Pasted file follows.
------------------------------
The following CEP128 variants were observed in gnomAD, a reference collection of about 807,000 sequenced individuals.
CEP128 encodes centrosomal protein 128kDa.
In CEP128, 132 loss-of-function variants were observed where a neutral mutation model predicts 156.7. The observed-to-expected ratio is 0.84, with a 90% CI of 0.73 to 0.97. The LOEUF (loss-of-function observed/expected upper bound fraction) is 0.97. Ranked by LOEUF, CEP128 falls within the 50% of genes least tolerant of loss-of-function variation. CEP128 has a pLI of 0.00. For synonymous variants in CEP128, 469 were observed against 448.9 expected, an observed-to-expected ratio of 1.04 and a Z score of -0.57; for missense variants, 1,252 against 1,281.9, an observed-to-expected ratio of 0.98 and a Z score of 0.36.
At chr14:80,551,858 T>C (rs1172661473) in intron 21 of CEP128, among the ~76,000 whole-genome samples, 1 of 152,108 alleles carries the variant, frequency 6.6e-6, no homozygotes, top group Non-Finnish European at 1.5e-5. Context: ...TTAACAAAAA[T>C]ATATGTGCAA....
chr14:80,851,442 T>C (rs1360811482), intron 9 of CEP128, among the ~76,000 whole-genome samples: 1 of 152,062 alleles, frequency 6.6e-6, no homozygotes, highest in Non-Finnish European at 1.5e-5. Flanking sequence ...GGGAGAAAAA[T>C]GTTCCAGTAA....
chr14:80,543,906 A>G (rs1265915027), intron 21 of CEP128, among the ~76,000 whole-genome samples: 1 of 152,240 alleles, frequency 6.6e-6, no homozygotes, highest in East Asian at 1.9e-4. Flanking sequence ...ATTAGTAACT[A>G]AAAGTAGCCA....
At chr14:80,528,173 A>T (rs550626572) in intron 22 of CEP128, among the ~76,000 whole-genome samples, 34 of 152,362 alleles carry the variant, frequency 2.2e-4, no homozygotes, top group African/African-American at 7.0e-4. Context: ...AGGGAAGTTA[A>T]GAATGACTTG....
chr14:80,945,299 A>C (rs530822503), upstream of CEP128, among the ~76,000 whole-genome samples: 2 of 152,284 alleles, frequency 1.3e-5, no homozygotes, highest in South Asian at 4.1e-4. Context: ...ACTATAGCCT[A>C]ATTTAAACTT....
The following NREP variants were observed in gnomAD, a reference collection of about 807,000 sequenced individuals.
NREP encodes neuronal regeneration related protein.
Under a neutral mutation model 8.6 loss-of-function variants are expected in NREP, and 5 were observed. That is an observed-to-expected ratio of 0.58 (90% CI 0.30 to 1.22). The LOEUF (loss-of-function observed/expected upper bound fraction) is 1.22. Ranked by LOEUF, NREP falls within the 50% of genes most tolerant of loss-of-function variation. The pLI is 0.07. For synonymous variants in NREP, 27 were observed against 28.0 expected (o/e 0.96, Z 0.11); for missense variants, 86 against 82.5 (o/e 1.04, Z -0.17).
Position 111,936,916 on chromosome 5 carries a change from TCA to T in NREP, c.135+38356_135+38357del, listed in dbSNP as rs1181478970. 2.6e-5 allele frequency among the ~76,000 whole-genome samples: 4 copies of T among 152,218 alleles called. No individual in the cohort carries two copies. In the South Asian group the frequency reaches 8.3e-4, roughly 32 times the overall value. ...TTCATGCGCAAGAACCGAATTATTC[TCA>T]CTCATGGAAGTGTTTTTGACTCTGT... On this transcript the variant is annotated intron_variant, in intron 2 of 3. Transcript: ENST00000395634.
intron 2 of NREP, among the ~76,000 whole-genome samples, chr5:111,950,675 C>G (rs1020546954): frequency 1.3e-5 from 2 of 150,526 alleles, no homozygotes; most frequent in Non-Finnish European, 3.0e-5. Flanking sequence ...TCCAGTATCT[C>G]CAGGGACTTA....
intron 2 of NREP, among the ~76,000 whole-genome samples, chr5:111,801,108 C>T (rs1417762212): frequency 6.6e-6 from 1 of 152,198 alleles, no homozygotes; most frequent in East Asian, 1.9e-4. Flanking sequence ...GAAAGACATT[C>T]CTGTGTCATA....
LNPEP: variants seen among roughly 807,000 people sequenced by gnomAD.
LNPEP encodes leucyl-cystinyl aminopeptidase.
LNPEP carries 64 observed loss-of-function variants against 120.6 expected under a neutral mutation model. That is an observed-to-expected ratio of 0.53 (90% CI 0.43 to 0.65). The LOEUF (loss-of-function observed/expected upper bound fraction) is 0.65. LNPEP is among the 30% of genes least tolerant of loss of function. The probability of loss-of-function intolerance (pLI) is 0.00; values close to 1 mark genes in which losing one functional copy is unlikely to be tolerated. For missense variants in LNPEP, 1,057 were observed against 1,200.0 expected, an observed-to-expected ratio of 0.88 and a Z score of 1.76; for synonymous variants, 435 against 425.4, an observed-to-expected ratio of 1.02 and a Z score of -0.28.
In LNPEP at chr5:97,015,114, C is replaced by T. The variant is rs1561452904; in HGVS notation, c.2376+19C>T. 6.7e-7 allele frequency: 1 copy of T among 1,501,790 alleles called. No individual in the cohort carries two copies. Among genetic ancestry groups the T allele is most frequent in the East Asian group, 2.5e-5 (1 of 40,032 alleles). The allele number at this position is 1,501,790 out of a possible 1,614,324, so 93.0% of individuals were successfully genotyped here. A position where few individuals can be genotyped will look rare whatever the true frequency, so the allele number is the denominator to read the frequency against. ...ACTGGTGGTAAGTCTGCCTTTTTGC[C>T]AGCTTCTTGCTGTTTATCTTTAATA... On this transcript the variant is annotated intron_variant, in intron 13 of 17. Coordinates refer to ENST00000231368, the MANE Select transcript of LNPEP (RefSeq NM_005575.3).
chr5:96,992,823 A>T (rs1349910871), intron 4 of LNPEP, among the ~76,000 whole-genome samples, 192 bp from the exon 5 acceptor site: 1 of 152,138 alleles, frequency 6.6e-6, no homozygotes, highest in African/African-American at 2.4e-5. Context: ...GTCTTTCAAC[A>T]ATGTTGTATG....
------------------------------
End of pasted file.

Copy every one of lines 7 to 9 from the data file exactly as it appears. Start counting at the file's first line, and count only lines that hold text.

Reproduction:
At chr14:80,528,173 A>T (rs550626572) in intron 22 of CEP128, among the ~76,000 whole-genome samples, 34 of 152,362 alleles carry the variant, frequency 2.2e-4, no homozygotes, top group African/African-American at 7.0e-4. Context: ...AGGGAAGTTA[A>T]GAATGACTTG....
chr14:80,945,299 A>C (rs530822503), upstream of CEP128, among the ~76,000 whole-genome samples: 2 of 152,284 alleles, frequency 1.3e-5, no homozygotes, highest in South Asian at 4.1e-4. Context: ...ACTATAGCCT[A>C]ATTTAAACTT....
The following NREP variants were observed in gnomAD, a reference collection of about 807,000 sequenced individuals.